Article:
Treaties Of Lead

End Of The Trail statue, Visalia. Photo: Bob Dawson/ Farewell, Promised Land Project, 1995.

"It is a mercy to the red devils to exterminate them. and a saving of many white lives ... there is only one kind of treaty that is effective - cold lead."

... Chico Courant, July 28, 1866

Northern newspapers like the Humboldt Times expressed the hope that volunteer militia "will succeed in totally breaking up or exterminating the skulking bands of savages."

Towns offered bounty hunters cash for every head or scalp that was obtained. Expedition expenses were often reimbursed by the state and federal governments. Rewards ranged from five dollars for every severed head in Shasta in 1855 to twenty-five cents for a scalp in Honey Lake in 1863. In both 1851 and 1852 the new American state of California paid out one million dollars respectively - revenue from the gold fields - to those who hunted Indians. In 1857 the state issued 400,000 in bonds to pay the expedition expenses of the militia.

Newspapers urged on the popular hysteria for "extermination" as it was popularly called at the time. In April 1849, the Alta California, a San Francisco paper, wrote that the miners realized that "it will be absolutely necessary to exterminate the savages before they can labor much longer in the mines with security." Two years later the newspaper declared that the native peoples "must fade before the Saxon race as the cloud in the west before the light and heat of a greater power."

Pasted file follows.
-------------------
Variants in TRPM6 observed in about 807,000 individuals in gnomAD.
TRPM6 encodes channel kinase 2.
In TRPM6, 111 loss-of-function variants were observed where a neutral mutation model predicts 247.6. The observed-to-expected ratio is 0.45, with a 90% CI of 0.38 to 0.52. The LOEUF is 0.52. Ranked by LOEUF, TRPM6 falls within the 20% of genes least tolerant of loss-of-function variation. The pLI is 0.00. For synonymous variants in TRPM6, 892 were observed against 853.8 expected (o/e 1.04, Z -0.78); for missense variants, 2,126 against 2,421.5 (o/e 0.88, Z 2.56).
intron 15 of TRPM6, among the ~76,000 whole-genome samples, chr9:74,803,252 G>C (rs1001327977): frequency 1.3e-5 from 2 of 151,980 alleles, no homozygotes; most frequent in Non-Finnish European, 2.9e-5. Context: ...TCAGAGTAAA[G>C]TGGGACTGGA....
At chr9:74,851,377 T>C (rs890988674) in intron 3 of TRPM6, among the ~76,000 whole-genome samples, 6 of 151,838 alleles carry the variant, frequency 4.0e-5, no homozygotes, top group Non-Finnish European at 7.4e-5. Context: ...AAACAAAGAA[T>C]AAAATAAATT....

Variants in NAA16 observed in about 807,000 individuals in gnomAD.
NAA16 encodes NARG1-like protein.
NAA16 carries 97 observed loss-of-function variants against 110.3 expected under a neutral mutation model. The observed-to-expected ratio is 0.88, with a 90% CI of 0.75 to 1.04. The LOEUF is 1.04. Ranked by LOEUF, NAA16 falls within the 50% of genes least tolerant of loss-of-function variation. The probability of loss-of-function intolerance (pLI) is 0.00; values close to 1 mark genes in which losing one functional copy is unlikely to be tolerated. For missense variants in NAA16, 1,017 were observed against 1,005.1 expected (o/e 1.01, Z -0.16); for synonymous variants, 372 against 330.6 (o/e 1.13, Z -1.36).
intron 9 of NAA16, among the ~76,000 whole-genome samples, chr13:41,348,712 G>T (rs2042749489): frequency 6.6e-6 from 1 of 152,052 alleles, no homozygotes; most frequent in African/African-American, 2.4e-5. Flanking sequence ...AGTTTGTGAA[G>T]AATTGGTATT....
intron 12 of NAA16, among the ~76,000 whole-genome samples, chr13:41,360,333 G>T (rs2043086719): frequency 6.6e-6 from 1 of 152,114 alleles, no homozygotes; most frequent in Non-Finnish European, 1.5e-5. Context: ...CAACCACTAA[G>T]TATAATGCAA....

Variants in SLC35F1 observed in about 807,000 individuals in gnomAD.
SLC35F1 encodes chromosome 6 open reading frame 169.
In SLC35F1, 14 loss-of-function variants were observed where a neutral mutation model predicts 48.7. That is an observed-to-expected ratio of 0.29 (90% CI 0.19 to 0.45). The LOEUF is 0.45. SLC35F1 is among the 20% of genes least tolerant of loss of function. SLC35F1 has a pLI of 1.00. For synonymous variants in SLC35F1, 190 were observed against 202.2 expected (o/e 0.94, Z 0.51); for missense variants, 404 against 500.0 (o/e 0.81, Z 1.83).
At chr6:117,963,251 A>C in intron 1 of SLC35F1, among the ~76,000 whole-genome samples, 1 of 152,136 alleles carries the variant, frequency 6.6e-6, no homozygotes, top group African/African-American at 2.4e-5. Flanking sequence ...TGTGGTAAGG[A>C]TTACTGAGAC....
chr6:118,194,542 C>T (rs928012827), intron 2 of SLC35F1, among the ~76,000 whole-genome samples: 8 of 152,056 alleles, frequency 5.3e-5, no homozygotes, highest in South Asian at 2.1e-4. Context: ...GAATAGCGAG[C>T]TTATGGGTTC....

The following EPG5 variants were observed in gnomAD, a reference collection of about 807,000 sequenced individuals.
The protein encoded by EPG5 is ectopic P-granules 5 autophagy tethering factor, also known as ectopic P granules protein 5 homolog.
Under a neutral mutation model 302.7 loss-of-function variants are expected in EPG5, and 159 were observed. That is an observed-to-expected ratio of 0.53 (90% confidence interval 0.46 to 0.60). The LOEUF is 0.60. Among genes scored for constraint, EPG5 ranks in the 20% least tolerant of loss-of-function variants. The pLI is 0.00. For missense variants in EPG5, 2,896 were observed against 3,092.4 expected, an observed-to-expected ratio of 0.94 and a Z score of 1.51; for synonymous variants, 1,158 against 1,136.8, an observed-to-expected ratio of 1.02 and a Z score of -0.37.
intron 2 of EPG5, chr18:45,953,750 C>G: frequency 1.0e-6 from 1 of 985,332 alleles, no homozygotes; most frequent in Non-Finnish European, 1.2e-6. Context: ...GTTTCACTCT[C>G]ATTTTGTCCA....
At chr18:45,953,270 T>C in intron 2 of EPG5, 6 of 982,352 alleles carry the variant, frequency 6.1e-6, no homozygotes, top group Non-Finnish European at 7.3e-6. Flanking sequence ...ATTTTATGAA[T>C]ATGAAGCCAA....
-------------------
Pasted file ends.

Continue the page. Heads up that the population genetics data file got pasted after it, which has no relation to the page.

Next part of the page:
In 1853 the Yreka Herald in Siskiyou County called on the government to provide aid to "enable the citizens of the north to carry on a war of extermination until the last redskin of these tribes has been killed. Extermination is no longer a question of time - the time has arrived, the work has commenced and let the first man that says treaty or peace be regarded as a traitor."

Some miners in the northwest drew up a code which they distributed to the tribes that stated that in all cases of "crimes committed by Indians ... delivery of the aggressors should be demanded of the nearest ranches, and after a reasonable time given punishment should be inflicted as follows: for murder by the destruction of the ranch to which the criminal belonged and its inhabitants if known. If not known, by that of those nearest the spot."

Such codes had a devastating effect. A. J. Bledsoe, a historian of the time, counted over 50 settlements destroyed in this region between 1855 and 1863. More recent historians like Sherburne Cook have examined Bledsoe's figures, compared them with archaeological evidence to arrive at an estimate that as many as 150 settlements may have been destroyed.

Both the state of California and the federal government wanted to encourage the settlement of the west, protection of new settlers and the extraction of minerals. While these policies, per se, did not promote the extermination of indigenous peoples, the impact of such policies encouraged their slow, but sure, decimation. As we will see in the next section, the cruel reality of the racist attitudes in the media and general population resulted in deliberate massacres.

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